Black rat dont blame brown for blowing your pension blame the tories who stitched the country up and made the City run the country with Murdocs press. And has for yoy electricity don’t piss me of who gave you money for your winter fuel New Labour. The day i see a poor pensioner with no money the condems will be running the country remember this in rip pf Britain in my sixty years the harder times where under the blue flag of conservationism and they always make the broadest back pay the least burden and the smallest the most we are paying not for credit cards but massive building projects the two trade towers towers wars and the shares crash thatis where Black rats pension went in black fridays Black day. Ye not a scab but a selfish person who thinks he can protect ishis family without any ones help you never hear a rich man sayiing he is not paying all his taxes and he has is money in a tax haven . The reason is they all stick together just like your fellow teachers did shame on you you are wrong also about Modric he stated he is embarrassed about his wages being shown in public because of his fellow countrymen so why would Chelsea say they will double his money next year Chelsea will be no diffrent than Spurs and can only generate money they earn so Spurs will be just has good if not better because Chelsea Man Utd and City will be booted out of the champs cup . How can you say we spnt money we never had yet City arand Chelsea are using OIL money from other country’s to pay 220 thousand pound a week for running round a pitch for 90 plus mins and they use energy drugs to do it. Yes Brown may have spent our money but just look at our brand new Hospitals and schools and Olympic venue even the O2 has come good and its better than spending millions on Footballers who show our kids its okay to take drugs its okay to cheat on your partner and its okay to shout down a camera have fucking some of this yes your not a scab but like my fellow Spurs fans just miss informed when it comes to Modric and Unions. We won more scored more when 6ft3 Huddlestone played the second bit of your statement you got wrong Credit cards from you where a tiny drop in a massive rich share gamble that went badly wrong and Banks where lending our money allover the World to places like Malaysia and Black rats pension where used to fuel it.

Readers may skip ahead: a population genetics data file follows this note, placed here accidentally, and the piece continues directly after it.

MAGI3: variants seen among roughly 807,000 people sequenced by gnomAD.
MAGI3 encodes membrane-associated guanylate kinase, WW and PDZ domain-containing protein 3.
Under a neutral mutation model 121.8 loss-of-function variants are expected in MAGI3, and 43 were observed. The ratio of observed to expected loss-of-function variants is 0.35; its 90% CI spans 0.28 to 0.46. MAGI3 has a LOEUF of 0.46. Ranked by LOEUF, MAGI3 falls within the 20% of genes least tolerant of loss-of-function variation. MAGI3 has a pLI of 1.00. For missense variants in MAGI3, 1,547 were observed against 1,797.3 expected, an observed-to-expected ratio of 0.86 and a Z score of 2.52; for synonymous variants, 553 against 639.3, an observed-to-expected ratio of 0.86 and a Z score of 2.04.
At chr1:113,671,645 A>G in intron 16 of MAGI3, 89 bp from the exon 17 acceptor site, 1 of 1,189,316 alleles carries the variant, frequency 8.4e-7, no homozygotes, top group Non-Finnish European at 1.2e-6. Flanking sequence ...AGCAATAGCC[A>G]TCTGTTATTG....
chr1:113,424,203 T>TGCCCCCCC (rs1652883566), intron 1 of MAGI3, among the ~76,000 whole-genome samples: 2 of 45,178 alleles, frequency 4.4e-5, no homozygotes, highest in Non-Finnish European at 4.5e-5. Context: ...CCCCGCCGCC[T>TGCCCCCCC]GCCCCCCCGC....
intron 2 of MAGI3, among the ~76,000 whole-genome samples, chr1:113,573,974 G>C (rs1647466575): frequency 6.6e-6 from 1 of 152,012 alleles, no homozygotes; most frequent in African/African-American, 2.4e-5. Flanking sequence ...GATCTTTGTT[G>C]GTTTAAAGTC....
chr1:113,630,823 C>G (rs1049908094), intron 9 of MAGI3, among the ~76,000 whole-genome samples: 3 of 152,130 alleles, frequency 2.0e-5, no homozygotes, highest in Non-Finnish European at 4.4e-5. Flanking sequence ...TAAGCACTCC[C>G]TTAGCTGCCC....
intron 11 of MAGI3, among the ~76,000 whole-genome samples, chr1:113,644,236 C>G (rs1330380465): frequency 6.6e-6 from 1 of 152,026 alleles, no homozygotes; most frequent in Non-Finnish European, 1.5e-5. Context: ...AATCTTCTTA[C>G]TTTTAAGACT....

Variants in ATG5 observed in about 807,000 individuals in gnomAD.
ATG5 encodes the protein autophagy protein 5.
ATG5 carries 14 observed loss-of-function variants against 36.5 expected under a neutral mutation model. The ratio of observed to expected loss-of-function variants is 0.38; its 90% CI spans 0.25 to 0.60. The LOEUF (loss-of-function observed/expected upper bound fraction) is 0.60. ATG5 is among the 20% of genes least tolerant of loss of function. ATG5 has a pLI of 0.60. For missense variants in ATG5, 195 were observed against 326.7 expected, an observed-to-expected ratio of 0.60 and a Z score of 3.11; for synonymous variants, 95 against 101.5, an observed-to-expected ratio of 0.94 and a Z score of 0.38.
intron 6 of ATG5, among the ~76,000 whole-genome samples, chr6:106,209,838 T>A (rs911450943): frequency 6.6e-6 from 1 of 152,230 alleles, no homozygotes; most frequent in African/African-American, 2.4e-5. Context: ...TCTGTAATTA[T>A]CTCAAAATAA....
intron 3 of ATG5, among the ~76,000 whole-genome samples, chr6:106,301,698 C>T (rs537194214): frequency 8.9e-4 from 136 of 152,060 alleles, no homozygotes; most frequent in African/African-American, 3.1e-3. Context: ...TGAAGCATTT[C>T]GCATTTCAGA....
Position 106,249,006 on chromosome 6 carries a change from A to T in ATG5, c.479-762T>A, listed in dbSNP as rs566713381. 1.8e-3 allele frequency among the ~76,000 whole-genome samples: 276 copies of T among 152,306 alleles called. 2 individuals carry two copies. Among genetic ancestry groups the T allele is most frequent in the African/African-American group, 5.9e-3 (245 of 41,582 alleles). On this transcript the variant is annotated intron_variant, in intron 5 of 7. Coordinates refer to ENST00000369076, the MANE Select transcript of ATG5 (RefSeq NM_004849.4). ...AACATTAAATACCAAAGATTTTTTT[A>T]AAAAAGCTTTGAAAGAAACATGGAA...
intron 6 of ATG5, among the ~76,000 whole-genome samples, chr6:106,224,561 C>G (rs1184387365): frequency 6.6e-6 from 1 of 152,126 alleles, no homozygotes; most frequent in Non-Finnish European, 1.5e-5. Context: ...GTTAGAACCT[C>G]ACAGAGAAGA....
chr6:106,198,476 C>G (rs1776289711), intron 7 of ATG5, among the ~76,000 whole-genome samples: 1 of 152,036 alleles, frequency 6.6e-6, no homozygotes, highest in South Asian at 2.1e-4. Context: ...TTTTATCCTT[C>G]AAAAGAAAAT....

• frontwheel 2
      July 2, 2011 at 6:20 pm #

      Davspurs you have really gone UP in my estimation,fair play to you

    • Blackrat1299
      July 2, 2011 at 6:27 pm #

      davspurs you are a moron, it wasn’t the city that took the money it was brown, if he had left it alone my pension would be ok and i wouldn’t have needed that winter allowance

    • frontwheel 2
      July 2, 2011 at 6:33 pm #

      Modric’s on a long contract so why should we sell? What signal would this send to the rest of the players and why on earth would we sell to a team we are hoping to be challenging in the near future? Its about time teams stood up to these pampered shits even if it means letting him rot in the reserves as we should have done with Berbatov

    July 2, 2011 at 5:08 pm #


  5. Sean
    July 2, 2011 at 5:25 pm #

    An interesting article:
    Problem 1: Modric hasn’t just acted as an ’employee’. H e issued one statement after another where he consisted used terms like loyalty, and phrasaes like ‘happy to stay at Spurs’, right up until just before he went on his honeymoon. I’m not being too hard on him, because we are yet to see exactly how his words have been twisted, or not, in the articles claiming he wants to leave. But he (and by extension, you), can’t have it both ways. You can’t use this type of language, gaining kudos and emotional content form the supporters, and then drop it at a moments notice, without being castigated for it.

    Problem 2: The main focus of your article is concerning his abilityto earn, adn yet in the articles were he (allegedly) says he wants to leave, he insisted that this was not about money – it was because he wants to win things. Well, he has five years left on his contract. he could easily see out one, or even two years, of that, and still only be entering what are considered to be the best years of his footballing career. By which time (say it quietly) Spurs really could be challenging.